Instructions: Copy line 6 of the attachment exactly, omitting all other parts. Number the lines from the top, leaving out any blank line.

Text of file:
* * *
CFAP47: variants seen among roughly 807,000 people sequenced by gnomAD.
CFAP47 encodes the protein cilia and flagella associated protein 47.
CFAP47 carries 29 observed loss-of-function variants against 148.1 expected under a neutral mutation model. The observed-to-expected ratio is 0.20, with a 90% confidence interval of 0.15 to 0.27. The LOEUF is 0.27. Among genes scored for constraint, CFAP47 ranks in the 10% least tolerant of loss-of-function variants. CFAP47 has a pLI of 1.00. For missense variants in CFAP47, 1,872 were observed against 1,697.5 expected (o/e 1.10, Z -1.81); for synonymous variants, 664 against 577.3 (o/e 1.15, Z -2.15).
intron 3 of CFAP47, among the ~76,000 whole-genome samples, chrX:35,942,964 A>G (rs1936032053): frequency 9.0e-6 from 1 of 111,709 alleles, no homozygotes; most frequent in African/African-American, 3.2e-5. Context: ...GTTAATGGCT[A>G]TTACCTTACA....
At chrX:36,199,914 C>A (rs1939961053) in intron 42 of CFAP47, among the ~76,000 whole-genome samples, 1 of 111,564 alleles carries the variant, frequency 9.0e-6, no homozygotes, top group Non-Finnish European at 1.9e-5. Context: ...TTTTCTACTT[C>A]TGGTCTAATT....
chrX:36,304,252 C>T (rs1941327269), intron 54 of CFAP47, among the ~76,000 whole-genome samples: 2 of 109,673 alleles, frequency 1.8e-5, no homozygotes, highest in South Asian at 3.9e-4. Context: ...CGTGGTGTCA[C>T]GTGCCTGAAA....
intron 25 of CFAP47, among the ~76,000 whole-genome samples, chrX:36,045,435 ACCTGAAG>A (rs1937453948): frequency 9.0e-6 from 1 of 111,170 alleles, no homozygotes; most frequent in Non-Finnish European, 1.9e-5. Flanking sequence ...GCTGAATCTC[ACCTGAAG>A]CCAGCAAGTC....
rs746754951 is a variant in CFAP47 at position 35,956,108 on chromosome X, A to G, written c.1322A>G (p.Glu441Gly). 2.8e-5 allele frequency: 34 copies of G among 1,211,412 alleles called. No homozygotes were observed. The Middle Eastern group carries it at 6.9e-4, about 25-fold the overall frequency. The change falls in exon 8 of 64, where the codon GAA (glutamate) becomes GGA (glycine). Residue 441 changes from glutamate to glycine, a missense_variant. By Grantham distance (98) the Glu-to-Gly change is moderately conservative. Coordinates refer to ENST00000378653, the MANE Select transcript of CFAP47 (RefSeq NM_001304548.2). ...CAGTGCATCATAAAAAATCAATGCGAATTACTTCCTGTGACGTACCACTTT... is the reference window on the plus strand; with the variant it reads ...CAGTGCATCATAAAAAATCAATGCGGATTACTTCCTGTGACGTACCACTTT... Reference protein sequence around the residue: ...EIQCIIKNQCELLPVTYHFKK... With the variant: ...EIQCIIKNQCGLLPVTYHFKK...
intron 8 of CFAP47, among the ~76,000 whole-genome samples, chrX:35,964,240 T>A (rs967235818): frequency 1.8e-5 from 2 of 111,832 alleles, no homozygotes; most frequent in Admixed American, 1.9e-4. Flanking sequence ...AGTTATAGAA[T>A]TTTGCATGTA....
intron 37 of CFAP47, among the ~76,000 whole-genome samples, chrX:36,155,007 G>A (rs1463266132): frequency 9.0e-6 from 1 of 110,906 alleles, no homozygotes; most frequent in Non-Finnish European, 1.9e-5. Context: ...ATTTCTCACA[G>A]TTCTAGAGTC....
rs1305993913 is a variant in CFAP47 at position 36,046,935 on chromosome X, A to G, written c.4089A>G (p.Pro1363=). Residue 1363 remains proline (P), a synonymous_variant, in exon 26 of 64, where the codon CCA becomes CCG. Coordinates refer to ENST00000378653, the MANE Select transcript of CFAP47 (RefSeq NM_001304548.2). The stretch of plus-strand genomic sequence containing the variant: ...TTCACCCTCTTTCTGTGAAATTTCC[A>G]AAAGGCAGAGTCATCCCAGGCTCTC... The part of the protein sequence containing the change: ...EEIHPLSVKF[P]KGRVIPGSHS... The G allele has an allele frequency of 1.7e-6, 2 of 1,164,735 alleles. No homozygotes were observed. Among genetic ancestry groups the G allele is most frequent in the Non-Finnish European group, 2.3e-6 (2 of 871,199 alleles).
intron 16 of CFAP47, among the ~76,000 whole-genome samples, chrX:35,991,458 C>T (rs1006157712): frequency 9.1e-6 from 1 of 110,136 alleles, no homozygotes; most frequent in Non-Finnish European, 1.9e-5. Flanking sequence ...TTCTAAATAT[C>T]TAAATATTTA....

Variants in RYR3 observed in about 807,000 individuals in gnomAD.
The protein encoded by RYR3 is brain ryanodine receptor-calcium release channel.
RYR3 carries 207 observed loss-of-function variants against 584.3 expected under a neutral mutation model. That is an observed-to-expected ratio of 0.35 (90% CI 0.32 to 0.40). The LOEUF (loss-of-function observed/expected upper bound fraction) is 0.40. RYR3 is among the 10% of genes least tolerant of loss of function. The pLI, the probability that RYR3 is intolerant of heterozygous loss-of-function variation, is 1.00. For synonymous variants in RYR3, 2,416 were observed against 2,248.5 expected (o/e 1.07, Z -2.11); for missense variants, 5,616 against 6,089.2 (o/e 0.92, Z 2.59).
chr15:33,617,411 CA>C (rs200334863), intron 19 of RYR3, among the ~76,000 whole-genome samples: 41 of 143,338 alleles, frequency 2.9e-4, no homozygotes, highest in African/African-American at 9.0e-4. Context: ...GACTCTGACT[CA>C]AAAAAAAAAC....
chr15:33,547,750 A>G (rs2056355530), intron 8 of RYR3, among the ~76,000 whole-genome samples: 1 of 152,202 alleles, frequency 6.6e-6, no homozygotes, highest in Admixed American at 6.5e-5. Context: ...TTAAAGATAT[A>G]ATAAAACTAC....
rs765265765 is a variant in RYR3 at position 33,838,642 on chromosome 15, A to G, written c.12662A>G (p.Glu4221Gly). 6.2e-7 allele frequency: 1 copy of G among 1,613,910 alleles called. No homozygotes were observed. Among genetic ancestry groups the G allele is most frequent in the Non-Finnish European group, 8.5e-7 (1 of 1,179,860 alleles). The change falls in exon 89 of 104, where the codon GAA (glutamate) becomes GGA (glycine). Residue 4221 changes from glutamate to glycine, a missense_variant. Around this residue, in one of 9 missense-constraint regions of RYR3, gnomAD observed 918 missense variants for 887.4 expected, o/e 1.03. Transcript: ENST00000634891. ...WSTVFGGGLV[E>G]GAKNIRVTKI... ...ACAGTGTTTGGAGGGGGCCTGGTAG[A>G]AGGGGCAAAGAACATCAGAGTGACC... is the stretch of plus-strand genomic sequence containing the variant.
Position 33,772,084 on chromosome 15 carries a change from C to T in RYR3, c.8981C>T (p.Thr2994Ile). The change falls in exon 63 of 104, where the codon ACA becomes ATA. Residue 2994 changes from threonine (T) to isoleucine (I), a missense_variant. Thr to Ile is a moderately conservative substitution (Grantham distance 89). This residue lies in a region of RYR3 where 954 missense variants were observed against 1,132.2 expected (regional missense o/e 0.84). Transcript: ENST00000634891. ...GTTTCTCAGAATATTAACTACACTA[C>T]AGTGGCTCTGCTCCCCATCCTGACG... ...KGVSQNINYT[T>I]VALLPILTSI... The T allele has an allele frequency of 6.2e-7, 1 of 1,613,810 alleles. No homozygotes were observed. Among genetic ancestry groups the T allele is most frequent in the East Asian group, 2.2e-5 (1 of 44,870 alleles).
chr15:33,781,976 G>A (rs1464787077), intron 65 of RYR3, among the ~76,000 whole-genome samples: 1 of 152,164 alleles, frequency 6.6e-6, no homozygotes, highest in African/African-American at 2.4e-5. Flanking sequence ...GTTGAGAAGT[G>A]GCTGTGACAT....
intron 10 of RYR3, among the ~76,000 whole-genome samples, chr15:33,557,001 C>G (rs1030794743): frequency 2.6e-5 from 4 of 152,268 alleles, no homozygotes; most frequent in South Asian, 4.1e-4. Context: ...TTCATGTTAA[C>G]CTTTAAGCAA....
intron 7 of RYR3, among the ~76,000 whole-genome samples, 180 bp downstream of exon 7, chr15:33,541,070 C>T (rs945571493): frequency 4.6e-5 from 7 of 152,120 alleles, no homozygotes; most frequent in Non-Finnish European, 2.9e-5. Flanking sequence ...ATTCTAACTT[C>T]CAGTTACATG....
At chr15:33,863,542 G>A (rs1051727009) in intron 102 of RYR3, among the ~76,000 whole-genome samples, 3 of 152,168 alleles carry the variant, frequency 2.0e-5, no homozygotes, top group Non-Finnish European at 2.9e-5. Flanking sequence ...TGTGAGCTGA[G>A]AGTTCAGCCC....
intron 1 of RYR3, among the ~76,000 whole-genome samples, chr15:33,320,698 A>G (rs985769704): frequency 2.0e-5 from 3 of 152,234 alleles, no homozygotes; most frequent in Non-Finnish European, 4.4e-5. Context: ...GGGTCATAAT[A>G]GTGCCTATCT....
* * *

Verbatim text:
chrX:36,304,252 C>T (rs1941327269), intron 54 of CFAP47, among the ~76,000 whole-genome samples: 2 of 109,673 alleles, frequency 1.8e-5, no homozygotes, highest in South Asian at 3.9e-4. Context: ...CGTGGTGTCA[C>T]GTGCCTGAAA....